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I am getting stuck on this trig substitution problem.

$$\int\frac1{x^2\sqrt{x^2 - 9}}~\mathrm dx.$$

$$x = 3 \sec\theta,\qquad\theta = \sec^{-1} \sqrt{\frac{x^2}{9}},\qquad\mathrm dx = \sec\theta\ \tan\theta\ \mathrm d\theta$$

I can get to here, but I don't know how to finish it (perhaps I have made a mistake before this point?)

$$\int\frac{3\sec\theta\ \tan\theta}{9\sec^2\theta(3\sec\theta -3)}~\mathrm d\theta.$$

If anyone could help from here, I'd appreciate it.

Thanks.

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+1 For showing some work. –  JavaMan Aug 28 '11 at 18:43
    
If $x=3\sec\theta$, then $\theta = \sec^{-1}(x/3)$. Note that $\sqrt{x^2/9} = |x|/3$, not $x/3$. –  Arturo Magidin Aug 28 '11 at 18:46
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4 Answers

up vote 3 down vote accepted

Notice first that you dropped a square root in the denominator. Also, $dx = 3 \sec \theta \tan \theta d \theta$. Otherwise, everything looked fine so far:

$$ \int \frac{1}{x^2\sqrt{x^2 - 9}}dx = \int \frac{3 \sec \theta \tan \theta}{9 \sec^2 \theta \sqrt{9 \sec^2 \theta - 9}} d \theta. $$

Now, what is a simpler way to write $\sqrt{9 \sec^2 \theta - 9}$?

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Additional hint: you'll want to use $1+\tan^2\theta=\sec^2\theta$ at some point... –  J. M. Aug 28 '11 at 18:52
    
A simpler way would be: 3 $\sqrt{sec^2(\theta)-1}$ or 3 $\sqrt{tan^2(\theta)}$ ? –  rkMathUser Aug 28 '11 at 19:02
    
@rkMathUser: the second looks more helpful, then clear the square root sign (remembering tor worry about signs) –  Ross Millikan Aug 29 '11 at 12:39
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I'd suggest to use the substitution $x:=3\cosh t$ instead. This leads to $$\eqalign{I&=\int{1\over 9\cosh^2 t\ 3\sinh t}\ 3\sinh t\ dt=\int{1\over 9\cosh^2 t}\ dt\cr &={1\over9}\tanh t+C={\sqrt{\cosh^2 t -1}\over9\cosh t}+C={\sqrt{x^2-9}\over 9 x}+C\ .\cr}$$

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Sadly, hyperbolic functions are apparently not so familiar to the kids these days... but I upvoted anyway. –  J. M. Aug 29 '11 at 11:48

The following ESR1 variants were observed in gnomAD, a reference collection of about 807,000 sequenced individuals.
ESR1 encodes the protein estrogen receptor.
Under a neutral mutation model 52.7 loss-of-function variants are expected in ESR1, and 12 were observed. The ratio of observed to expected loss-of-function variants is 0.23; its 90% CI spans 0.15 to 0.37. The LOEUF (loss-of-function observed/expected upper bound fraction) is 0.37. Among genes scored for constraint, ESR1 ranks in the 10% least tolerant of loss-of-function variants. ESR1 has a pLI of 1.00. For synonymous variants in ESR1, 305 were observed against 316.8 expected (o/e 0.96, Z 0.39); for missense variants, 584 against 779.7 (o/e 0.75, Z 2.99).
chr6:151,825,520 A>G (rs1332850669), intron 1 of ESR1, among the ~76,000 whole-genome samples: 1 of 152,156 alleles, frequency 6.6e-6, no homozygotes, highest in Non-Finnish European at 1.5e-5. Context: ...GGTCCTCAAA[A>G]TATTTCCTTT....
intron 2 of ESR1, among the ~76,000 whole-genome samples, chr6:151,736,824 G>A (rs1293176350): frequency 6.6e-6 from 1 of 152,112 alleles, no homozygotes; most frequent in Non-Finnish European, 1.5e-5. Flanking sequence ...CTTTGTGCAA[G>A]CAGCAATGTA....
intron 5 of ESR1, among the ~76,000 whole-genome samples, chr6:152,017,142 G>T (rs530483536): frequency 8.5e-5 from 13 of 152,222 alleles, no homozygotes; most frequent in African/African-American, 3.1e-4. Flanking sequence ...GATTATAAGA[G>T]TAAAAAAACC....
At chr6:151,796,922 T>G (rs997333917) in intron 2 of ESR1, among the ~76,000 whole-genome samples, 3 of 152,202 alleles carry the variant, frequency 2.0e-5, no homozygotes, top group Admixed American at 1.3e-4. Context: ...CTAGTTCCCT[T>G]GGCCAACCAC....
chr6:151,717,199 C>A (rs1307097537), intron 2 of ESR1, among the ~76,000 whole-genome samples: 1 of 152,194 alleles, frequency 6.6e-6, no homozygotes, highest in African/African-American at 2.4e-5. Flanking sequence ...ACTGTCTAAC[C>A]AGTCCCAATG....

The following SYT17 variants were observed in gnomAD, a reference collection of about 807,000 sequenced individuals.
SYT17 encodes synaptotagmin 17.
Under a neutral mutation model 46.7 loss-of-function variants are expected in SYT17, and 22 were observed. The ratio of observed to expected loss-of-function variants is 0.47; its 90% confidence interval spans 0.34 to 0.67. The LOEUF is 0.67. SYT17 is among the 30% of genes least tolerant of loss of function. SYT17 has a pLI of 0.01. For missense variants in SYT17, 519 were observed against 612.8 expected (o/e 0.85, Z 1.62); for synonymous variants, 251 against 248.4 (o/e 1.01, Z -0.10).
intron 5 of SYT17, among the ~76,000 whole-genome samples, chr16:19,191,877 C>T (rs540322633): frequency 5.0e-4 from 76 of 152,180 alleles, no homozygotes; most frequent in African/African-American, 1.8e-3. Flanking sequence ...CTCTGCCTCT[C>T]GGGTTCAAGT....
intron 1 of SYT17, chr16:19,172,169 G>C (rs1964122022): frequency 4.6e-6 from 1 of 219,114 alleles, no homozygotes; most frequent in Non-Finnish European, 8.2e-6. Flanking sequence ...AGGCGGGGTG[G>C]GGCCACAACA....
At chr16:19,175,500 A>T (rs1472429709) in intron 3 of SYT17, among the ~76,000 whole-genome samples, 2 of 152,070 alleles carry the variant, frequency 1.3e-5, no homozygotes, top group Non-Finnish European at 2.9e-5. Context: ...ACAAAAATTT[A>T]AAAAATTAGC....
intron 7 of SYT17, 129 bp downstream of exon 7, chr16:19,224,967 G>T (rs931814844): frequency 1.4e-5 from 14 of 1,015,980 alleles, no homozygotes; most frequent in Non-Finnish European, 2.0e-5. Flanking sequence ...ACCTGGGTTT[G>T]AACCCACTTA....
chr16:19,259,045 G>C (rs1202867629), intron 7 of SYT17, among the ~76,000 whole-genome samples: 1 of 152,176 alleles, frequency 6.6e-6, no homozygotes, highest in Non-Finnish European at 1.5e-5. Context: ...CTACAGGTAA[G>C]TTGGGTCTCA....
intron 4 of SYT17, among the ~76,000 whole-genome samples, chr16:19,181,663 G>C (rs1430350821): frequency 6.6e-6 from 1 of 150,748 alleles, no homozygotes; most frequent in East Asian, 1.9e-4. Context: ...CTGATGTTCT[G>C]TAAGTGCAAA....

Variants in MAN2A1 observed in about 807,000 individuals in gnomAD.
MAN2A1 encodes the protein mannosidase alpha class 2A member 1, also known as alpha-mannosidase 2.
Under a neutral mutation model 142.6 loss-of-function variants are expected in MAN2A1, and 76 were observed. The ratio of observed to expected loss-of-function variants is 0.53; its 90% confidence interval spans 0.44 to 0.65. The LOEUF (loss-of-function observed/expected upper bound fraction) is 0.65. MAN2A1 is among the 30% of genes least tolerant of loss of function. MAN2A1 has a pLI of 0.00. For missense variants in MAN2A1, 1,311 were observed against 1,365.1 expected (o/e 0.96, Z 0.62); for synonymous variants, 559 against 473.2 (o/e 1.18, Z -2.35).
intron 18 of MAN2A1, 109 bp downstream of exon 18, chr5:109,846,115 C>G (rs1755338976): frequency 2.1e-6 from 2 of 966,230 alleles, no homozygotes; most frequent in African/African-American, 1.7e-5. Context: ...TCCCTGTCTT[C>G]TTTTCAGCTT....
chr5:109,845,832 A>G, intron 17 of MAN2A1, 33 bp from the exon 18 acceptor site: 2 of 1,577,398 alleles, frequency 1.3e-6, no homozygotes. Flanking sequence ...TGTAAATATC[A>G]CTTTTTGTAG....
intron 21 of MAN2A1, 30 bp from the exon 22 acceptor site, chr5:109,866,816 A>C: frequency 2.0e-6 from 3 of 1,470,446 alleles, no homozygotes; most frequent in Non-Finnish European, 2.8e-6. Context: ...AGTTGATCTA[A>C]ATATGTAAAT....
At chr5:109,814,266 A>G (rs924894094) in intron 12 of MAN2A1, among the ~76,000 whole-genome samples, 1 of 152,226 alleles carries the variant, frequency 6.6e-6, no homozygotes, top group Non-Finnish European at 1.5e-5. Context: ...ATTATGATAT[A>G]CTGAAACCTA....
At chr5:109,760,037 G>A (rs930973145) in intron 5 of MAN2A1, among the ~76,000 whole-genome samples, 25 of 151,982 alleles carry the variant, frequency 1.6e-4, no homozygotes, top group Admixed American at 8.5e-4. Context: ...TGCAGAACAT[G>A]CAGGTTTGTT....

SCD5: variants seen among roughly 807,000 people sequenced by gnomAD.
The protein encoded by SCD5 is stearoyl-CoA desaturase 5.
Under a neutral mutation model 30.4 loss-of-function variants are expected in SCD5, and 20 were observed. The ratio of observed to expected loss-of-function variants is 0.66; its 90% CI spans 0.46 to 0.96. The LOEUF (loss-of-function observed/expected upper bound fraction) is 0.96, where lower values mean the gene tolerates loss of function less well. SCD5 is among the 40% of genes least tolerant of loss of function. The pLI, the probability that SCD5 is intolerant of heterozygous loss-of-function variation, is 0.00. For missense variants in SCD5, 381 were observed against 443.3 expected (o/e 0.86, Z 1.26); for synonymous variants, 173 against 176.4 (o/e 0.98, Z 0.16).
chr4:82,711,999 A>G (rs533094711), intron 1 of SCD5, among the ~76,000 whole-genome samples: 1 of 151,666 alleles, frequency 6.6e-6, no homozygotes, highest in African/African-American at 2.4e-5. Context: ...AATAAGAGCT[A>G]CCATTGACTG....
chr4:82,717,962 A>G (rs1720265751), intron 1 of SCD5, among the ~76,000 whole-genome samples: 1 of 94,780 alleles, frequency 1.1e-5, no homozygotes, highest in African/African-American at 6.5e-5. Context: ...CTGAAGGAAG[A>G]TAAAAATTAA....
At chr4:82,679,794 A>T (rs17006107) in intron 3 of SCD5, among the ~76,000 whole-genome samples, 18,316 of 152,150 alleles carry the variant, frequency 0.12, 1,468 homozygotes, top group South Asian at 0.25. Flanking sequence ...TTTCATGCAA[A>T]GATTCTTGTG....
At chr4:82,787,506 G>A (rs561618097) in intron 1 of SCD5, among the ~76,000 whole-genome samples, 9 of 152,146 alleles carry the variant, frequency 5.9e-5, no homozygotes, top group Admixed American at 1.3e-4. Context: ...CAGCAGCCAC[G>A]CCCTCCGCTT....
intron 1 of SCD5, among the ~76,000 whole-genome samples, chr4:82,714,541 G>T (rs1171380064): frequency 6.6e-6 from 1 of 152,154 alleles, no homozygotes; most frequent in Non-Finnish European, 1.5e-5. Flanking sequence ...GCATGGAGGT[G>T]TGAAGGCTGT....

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I think you made a mistake in substituting.

Added. Or rather, you made an algebra mistake. You seem to have gone from $$\sqrt{9\sec^2\theta - 9}$$ to $$3\sec\theta - 3.$$ That's incorrect. The square root does not distribute over sums and differences; that is, the square root of a difference is not the difference of the square roots (for example, $\sqrt{5} = \sqrt{9-4}$ is not equal to $\sqrt{9}-\sqrt{4} = 3-2=1$).

If $x=3\sec\theta$, then $x^2 - 9 = 9\sec^2\theta - 9 = 9(\sec^2\theta-1) = 9\tan^2\theta$, so that $\sqrt{x^2-9} = \sqrt{9\tan^2\theta} = 3|\tan\theta|$. For your substitution to work, though, you want to restrict $\theta$ to a nice interval where tangent is positive, so you can drop the absolute value bars.

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Using your substitution $x=3\sec \theta $ and cancelling $\sec \theta$ in the numerator and denominator, I got

$$I=\int \frac{1}{x^{2}\sqrt{x^{2}-9}}\ \textrm{d}x=\int \frac{ \tan \theta }{3\ \sec \theta \ \sqrt{9\sec ^{2}\theta -9}}\ \textrm{d}\theta=\int \frac{\tan \theta }{9\ \sec \theta \ \sqrt{\sec ^{2}\theta -1}}\ \textrm{d}\theta.$$

It is easy to see that

$$\frac{\tan \theta }{ \sec \theta \sqrt{\sec ^{2}\theta -1}}= \cos \theta .$$

So

$$I=\int \frac{1}{9}\cos \theta \ \textrm{d}\theta = \dots .$$

Added. Just to confirm Christian Blatter's evaluation. $$\begin{eqnarray*} I &=&\int \frac{1}{9}\cos \theta \,d\theta =\frac{1}{9}\sin \theta +C \\ &=&\frac{1}{9}\sqrt{1-\cos ^{2}\theta }+C=\frac{1}{9}\sqrt{1-\frac{1}{\sec ^{2}\theta }} +C\\ &=&\frac{1}{9}\sqrt{1-\frac{9}{x^{2}}}+C=\frac{\sqrt{x^{2}-9}}{9x}+C. \end{eqnarray*}$$

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